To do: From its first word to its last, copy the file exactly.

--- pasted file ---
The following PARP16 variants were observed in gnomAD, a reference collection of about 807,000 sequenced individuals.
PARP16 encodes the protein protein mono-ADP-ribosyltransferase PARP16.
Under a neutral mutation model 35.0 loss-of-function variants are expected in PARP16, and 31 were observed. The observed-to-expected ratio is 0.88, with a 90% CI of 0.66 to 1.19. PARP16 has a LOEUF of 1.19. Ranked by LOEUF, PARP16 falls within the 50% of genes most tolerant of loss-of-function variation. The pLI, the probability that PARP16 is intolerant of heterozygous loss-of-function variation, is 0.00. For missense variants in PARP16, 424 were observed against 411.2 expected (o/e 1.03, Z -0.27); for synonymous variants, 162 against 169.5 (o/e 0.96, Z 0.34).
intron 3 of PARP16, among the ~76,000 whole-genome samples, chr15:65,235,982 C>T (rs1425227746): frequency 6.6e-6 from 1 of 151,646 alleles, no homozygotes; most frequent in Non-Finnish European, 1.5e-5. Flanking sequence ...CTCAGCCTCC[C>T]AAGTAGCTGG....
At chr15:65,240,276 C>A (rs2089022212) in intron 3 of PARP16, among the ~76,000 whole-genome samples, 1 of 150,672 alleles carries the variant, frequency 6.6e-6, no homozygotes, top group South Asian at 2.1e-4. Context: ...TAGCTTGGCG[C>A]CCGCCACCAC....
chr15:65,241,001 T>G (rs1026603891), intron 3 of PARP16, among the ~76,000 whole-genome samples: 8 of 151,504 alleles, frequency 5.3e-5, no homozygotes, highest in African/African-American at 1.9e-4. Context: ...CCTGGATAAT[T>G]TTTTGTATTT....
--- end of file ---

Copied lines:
The following PARP16 variants were observed in gnomAD, a reference collection of about 807,000 sequenced individuals.
PARP16 encodes the protein protein mono-ADP-ribosyltransferase PARP16.
Under a neutral mutation model 35.0 loss-of-function variants are expected in PARP16, and 31 were observed. The observed-to-expected ratio is 0.88, with a 90% CI of 0.66 to 1.19. PARP16 has a LOEUF of 1.19. Ranked by LOEUF, PARP16 falls within the 50% of genes most tolerant of loss-of-function variation. The pLI, the probability that PARP16 is intolerant of heterozygous loss-of-function variation, is 0.00. For missense variants in PARP16, 424 were observed against 411.2 expected (o/e 1.03, Z -0.27); for synonymous variants, 162 against 169.5 (o/e 0.96, Z 0.34).
intron 3 of PARP16, among the ~76,000 whole-genome samples, chr15:65,235,982 C>T (rs1425227746): frequency 6.6e-6 from 1 of 151,646 alleles, no homozygotes; most frequent in Non-Finnish European, 1.5e-5. Flanking sequence ...CTCAGCCTCC[C>T]AAGTAGCTGG....
At chr15:65,240,276 C>A (rs2089022212) in intron 3 of PARP16, among the ~76,000 whole-genome samples, 1 of 150,672 alleles carries the variant, frequency 6.6e-6, no homozygotes, top group South Asian at 2.1e-4. Context: ...TAGCTTGGCG[C>A]CCGCCACCAC....
chr15:65,241,001 T>G (rs1026603891), intron 3 of PARP16, among the ~76,000 whole-genome samples: 8 of 151,504 alleles, frequency 5.3e-5, no homozygotes, highest in African/African-American at 1.9e-4. Context: ...CCTGGATAAT[T>G]TTTTGTATTT....